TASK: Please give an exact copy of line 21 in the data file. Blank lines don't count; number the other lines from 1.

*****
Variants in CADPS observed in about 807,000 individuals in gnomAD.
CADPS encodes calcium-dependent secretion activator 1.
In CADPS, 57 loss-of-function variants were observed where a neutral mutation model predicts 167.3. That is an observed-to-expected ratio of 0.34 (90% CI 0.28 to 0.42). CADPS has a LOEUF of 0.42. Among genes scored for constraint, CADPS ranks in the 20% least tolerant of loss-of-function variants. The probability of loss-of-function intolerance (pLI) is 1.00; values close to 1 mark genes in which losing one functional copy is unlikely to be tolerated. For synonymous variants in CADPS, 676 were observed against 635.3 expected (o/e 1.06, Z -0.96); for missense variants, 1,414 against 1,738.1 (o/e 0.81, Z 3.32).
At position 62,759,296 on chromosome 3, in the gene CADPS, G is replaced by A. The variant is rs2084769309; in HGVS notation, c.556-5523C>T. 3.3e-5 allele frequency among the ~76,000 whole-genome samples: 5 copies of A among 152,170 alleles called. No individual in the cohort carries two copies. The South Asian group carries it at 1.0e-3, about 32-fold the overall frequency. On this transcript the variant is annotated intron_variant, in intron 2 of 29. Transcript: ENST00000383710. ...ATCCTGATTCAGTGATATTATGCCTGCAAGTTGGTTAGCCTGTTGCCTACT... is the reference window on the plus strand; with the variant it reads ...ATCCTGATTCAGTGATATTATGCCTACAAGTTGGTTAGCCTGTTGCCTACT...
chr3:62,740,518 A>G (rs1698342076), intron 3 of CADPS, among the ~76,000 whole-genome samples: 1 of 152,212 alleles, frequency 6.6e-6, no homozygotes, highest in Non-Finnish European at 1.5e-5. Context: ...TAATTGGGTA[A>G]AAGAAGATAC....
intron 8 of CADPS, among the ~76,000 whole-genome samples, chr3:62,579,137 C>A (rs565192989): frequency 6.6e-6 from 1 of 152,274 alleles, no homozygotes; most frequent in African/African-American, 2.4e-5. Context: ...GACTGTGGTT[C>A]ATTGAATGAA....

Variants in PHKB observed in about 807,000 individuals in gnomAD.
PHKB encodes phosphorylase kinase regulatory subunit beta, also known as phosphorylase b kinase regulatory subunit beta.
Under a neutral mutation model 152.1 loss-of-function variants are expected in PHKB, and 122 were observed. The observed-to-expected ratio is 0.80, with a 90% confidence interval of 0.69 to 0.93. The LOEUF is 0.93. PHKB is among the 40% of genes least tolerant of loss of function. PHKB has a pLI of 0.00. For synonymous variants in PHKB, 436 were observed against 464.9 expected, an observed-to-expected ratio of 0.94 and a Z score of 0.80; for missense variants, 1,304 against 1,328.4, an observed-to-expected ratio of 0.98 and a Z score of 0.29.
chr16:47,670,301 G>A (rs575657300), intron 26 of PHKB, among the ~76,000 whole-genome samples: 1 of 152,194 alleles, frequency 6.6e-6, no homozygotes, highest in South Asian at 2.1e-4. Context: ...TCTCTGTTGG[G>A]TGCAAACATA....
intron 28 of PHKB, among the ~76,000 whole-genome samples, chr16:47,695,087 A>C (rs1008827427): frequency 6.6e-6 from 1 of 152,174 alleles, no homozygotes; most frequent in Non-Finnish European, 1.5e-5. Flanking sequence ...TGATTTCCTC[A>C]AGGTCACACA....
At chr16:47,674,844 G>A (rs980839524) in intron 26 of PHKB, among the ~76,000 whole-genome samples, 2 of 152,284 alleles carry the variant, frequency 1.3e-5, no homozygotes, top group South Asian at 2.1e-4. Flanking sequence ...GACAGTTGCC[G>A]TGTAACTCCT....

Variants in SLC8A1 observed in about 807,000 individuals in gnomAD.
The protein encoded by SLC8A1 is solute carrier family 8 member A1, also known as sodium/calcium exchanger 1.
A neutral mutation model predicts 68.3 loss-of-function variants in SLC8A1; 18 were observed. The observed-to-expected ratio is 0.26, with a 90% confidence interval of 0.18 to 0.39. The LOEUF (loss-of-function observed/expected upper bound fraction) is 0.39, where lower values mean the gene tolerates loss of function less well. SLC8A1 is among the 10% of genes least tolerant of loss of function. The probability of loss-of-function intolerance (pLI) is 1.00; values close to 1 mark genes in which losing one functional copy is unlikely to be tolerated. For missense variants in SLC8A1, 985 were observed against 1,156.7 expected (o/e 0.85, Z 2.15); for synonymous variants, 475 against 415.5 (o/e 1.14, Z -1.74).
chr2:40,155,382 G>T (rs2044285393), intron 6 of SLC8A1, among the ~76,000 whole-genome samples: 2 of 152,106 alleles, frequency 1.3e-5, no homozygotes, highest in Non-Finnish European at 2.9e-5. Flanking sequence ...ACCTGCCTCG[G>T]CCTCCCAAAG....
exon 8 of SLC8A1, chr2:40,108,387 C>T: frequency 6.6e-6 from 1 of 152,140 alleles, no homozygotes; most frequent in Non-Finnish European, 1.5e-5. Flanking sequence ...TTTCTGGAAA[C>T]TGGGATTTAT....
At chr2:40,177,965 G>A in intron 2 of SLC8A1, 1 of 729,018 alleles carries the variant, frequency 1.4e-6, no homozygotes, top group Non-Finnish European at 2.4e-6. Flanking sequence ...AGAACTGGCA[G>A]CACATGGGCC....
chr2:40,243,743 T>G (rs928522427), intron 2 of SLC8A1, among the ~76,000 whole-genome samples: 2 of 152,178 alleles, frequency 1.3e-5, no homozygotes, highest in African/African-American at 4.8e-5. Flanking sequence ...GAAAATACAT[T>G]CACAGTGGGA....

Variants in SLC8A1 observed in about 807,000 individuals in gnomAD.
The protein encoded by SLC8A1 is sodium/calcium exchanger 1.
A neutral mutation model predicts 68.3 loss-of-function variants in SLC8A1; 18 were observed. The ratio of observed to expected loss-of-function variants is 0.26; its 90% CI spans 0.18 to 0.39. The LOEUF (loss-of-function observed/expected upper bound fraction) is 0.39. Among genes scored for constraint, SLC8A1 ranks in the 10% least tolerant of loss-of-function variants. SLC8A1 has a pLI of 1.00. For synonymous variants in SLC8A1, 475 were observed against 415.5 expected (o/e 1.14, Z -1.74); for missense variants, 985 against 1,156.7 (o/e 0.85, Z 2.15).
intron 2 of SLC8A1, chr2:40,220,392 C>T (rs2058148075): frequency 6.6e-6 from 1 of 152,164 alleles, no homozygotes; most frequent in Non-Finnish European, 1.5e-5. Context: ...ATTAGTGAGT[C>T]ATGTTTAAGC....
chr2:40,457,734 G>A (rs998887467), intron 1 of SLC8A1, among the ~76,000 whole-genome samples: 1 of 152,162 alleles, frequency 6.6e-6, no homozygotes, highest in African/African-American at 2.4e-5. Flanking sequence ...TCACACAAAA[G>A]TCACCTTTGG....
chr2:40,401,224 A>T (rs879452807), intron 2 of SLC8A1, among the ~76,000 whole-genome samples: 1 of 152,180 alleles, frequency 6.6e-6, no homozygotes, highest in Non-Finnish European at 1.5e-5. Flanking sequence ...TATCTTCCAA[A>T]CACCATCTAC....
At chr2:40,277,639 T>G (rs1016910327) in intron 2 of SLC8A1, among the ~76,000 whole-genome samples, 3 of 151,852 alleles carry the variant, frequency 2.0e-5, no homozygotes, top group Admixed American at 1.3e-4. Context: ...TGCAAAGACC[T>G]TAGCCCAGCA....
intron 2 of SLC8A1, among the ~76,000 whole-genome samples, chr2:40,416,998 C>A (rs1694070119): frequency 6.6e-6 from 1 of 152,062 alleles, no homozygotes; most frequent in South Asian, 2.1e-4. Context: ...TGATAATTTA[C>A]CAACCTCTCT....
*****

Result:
The protein encoded by SLC8A1 is sodium/calcium exchanger 1.